From June 15th to August 25th, 2000 the Cheltenham art gallery
& museum hosted an exhibition of original artwork from
Ladybird books. Featured artists included Harry Wingfield,
John Berry and Martin Aitchison. The display was part of a
touring exhibition which had already been shown at Walsall
and continues on for another year.
Most of the art was for sale at prices
ranging from £250 to £1000, although the real
beauties were marked NFS (not for sale). Although there were
several I would have dearly liked to own, these prices probably
mean possession of some original artwork will sadly remain
The exhibition was held in quite small
room, with framed art all round. The corner was set aside
for children to read through some very dog-eared books. In
the centre was a case showing a variety of books and the artists
mock up for La Fontaine Fables. Some artwork from this book
was on sale. It's fascinating to see these preliminary ideas
for books - in this age of desk-top publishing, it's great
to see things laid out by hand!
Perhaps the most interesting items
were in a case devoted to the Key reading scheme, including
Murray's original draft book and several rare related items.
Needless to say, these items were not for sale, but on loan
from the family of William Murray.
Several items were sold by the final
day, although buyers have to wait until the end of the tour
before they can claim their prizes. The museum also produced
a neat little pamphlet of information to go with the exhibition
- you can buy these from the museum at £1 each - write
to Cheltenham Museum, Clarence Street, Cheltenham.
I'd been in touch with the museum for some months, discussing
the possibility of their hosting a collectors fair for LB
books and on the final day, this did indeed take place. Through
the e-list, I arranged with 7 or 8 fellow collectors to bring
their spares along and we set up in a small room above the
exhibition, accessed via a spiral staircase (just to loosen
those wallets!). We arranged ourselves in a vaguely circular
layout & admired the rarities that were on display.
Several DJ Wonks were in evidence, along with lots of other
early editions. As you can see from the photo, hands were
irresistibly drawn to the Wonks. One lucky enthusiast was
shopping on behalf of a friend and had a wants list along
with a blank cheque!
There were lots of collectors there, including Steve Rudge
(busy signing copies of his excellent collectors guide), David
and Lyn Ball, Craig Tanswell, Helen ?, Claire Jenkins (who
made the Radio 4 LB special last Christmas), Jennifer Crockford,
Ben Rawdon, Steve Smith - if you were there & would like
your name adding, please let me know - my memory is awful!)
Prices varied from dirt-cheap to three figures (guess what
for!) and it basically reinforced the belief that there's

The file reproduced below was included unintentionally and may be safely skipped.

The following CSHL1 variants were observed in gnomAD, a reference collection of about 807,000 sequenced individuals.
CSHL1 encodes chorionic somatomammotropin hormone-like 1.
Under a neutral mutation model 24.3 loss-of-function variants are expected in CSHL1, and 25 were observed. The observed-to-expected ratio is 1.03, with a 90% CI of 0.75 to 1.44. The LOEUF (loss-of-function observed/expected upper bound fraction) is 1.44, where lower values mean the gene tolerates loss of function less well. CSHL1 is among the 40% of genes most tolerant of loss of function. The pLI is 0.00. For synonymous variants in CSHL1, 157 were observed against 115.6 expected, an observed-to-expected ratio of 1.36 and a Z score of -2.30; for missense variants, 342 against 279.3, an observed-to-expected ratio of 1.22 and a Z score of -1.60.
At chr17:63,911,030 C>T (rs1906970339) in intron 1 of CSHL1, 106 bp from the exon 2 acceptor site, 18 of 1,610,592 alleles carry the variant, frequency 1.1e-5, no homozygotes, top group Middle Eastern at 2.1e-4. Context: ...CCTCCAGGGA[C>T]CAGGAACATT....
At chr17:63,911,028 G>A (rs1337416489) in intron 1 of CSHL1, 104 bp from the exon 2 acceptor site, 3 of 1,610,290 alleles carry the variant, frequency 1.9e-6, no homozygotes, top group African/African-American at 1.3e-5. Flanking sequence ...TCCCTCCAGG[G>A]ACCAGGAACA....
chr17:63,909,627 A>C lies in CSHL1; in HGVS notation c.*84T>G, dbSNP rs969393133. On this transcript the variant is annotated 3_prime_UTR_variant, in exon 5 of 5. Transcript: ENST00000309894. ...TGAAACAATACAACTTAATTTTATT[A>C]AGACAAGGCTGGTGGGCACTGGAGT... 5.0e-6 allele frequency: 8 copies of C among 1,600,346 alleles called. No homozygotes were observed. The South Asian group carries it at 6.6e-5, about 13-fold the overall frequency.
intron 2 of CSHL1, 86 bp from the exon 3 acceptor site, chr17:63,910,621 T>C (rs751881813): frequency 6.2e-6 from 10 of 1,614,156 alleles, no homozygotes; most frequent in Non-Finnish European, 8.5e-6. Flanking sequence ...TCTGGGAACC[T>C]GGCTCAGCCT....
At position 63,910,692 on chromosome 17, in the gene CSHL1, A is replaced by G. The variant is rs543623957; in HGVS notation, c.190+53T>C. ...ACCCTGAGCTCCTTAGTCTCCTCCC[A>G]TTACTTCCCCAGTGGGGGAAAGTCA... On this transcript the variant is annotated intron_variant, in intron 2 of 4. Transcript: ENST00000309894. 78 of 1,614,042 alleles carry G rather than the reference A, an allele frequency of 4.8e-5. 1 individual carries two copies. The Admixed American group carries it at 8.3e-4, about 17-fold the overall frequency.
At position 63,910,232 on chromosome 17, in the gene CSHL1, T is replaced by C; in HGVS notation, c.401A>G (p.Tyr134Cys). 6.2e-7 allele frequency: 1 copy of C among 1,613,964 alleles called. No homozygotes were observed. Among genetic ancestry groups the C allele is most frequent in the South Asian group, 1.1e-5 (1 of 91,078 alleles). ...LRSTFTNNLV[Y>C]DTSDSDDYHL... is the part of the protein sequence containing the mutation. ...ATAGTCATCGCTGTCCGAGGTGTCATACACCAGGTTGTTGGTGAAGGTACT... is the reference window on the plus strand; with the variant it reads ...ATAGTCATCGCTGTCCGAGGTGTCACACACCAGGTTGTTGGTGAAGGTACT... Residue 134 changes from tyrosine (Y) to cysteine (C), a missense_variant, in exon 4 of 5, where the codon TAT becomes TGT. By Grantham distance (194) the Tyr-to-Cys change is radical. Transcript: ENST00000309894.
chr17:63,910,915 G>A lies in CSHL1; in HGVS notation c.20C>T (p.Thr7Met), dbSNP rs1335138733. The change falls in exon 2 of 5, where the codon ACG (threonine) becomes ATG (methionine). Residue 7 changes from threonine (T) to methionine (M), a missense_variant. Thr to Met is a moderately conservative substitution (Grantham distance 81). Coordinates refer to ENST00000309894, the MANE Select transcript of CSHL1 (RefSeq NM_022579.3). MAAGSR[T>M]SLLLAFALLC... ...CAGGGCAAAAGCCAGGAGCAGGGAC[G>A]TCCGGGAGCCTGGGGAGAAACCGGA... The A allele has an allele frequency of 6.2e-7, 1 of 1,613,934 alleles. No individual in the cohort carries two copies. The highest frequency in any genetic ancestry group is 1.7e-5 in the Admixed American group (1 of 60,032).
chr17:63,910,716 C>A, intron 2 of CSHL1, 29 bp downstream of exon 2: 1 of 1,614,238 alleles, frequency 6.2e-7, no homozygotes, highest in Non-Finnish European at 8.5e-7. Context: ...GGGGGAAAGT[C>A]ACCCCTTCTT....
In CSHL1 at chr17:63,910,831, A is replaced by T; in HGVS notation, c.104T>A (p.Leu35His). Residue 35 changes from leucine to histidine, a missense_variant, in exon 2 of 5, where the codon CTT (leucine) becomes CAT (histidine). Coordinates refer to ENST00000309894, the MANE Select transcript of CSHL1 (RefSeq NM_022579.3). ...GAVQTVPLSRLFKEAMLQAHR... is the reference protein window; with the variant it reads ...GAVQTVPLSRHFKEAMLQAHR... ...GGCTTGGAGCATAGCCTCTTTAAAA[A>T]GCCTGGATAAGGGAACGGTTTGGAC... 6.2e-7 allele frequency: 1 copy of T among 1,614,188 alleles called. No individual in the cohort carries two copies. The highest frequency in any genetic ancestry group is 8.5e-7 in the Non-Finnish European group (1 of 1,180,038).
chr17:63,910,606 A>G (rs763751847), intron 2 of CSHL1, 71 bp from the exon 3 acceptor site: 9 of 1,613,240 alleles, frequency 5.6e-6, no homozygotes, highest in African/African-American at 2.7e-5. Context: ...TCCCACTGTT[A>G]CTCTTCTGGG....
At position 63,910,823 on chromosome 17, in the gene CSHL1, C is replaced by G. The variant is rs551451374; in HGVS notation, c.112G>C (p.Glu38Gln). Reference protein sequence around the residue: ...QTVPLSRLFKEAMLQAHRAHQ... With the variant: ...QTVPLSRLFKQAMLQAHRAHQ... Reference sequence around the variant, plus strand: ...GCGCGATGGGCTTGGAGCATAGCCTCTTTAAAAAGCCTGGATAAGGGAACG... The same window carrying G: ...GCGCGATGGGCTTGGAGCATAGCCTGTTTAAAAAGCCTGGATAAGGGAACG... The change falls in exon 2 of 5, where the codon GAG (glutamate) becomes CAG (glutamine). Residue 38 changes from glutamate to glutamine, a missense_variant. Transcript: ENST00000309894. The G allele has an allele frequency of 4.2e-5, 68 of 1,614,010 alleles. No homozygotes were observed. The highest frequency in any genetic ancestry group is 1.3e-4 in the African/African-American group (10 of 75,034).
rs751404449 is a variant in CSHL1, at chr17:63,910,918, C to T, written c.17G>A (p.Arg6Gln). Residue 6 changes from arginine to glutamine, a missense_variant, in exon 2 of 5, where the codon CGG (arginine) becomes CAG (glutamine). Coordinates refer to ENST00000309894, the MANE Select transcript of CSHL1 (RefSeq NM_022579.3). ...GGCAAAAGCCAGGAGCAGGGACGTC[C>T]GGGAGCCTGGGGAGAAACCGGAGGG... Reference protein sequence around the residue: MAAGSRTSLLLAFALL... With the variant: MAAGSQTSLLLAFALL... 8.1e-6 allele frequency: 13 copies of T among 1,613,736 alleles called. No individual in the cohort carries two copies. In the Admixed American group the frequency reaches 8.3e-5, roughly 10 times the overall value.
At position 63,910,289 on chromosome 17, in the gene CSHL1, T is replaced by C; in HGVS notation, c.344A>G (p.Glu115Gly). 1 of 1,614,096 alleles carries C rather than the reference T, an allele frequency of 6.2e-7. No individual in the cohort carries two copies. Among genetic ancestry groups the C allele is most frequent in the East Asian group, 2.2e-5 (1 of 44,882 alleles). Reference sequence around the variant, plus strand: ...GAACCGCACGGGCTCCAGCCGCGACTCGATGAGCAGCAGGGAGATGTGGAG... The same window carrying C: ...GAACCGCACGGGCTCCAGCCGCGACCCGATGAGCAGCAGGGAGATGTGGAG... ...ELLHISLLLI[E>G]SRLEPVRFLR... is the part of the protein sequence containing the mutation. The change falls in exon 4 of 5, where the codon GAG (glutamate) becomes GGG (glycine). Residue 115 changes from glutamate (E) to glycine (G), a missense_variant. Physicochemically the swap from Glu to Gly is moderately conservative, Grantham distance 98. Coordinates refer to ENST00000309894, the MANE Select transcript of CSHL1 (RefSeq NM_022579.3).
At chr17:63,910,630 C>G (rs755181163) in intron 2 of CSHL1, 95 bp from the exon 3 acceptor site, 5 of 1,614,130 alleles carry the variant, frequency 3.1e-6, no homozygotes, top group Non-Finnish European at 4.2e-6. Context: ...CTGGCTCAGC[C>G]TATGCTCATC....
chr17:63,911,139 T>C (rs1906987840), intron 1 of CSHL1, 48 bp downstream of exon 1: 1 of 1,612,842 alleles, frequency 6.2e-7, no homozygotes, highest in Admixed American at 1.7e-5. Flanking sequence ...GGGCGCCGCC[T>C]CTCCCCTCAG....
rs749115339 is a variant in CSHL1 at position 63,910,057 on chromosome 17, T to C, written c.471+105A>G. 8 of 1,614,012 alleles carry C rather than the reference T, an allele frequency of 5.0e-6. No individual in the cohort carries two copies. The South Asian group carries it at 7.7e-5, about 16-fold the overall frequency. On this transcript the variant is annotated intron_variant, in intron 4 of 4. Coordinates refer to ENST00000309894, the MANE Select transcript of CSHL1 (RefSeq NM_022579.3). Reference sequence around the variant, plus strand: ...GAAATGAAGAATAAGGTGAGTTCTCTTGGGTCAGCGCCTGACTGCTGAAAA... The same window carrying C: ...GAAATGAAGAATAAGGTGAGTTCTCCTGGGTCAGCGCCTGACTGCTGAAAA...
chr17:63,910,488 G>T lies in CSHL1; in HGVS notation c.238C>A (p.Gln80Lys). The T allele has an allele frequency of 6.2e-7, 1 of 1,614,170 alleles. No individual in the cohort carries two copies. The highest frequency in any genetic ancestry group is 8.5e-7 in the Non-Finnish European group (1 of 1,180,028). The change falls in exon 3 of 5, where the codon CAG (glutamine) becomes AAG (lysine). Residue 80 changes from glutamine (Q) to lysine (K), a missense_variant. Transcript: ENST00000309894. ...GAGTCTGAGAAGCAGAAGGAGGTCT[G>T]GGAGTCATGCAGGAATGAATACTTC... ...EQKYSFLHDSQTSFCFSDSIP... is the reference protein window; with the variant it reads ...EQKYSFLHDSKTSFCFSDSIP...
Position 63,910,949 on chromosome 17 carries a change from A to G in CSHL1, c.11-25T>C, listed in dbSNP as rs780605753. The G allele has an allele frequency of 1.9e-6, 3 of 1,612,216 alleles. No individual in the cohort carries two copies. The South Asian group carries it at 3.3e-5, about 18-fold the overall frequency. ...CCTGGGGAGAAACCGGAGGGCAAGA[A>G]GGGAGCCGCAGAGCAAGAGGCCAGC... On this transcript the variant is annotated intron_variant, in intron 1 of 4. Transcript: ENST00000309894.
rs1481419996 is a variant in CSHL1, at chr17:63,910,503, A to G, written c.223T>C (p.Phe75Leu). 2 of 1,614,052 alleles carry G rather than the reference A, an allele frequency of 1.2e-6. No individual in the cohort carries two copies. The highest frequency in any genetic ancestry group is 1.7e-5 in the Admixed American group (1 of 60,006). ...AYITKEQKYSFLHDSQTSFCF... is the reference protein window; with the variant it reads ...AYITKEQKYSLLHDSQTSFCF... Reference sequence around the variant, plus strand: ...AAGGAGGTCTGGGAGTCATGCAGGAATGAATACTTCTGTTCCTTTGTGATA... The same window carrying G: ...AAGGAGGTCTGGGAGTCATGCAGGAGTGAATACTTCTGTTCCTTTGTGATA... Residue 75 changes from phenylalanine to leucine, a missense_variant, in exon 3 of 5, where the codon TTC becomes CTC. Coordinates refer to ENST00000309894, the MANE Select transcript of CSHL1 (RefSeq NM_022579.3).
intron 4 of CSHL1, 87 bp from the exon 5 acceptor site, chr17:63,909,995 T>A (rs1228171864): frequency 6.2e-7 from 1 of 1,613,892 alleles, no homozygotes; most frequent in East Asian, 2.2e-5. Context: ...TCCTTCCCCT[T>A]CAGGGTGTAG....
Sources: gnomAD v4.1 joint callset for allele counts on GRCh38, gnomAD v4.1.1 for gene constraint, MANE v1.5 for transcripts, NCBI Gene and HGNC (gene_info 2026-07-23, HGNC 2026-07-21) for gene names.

glossy covers & matt covers to be had for chicken-feed,
common DJs for around a fiver & silly figure DJs for 20,
40, 60 80 plus. I picked up a Bonnie Prince Charlie, Cleopatra
and a DJ Sleeping beauty for about £12 the lot &
managed to refrain from raiding the more expensive items that
I really wanted.
My wife was chuffed with the prospect of regaining some shelf
space & helped me out, as did my son. We put him by the
entrance of the museum with a box of really tatty copies,
telling him he could keep the proceeds. Bu**er me, but he
made over £40!
What was impressive was the sheer quantity of books available
- there must have been at least 8000 Ladybirds on offer, surely
the largest collection of the little treasures ever assembled
in one place! There were prices to suit all and some stall-holders
had even sorted all the books into series order, with proper
labels and individually priced! I just bunged them into 1,
2 or 3 pound boxes, plus the DJs. Other bits I brought down
were snapped up - LB jigsaws, videos, display boxes. One enterprising
couple had mounted pages form the books into large frames
and were selling (or trying to sell) them.
The staff were very helpful and opened up a kitchen for us
to rustle up drinks & nibble biscuits. We ran from 10am
until gone 3 - I left a tad early since the "punters"
had all but dried up.
During the day, we all made ourselves known to each other
and it was a delight to discover that LB collectors are not
discontented, cocky, lazy, conceited, or even Wonkers (cough)
but thoroughly nice people, intelligent enough to share a
passion for W&Hs (as opposed to B&Hs). We seemed to
get along famously and there wasn't a single person who I'd
have put in the "don't get stuck in a lift with"
category, train-spotters or not!
We swapped information, hints & tips and discussed famous
LB myths (e.g.. Learnabout Farming - no-one had ever seen
a copy & on that basis, we presume it never made it to
The amount you can pick up from talking with this type of
expert is astonishing and bodes well for the proposed LB collectors
convention which is being planned. We were all agreed that
a follow-up book fair should be organised, although perhaps
Cheltenham might lose out to Loughborough, our adopted home.
I'd like to thank Simon Richards and Wendy Malpass of the
museum staff for their helpfulness during the day and willingness
to host the book fair without charging for the room.
Also, thanks to all the intrepid collectors who came to sell,
to buy, or just to browse - we had a great time!
Article by Nick Robinson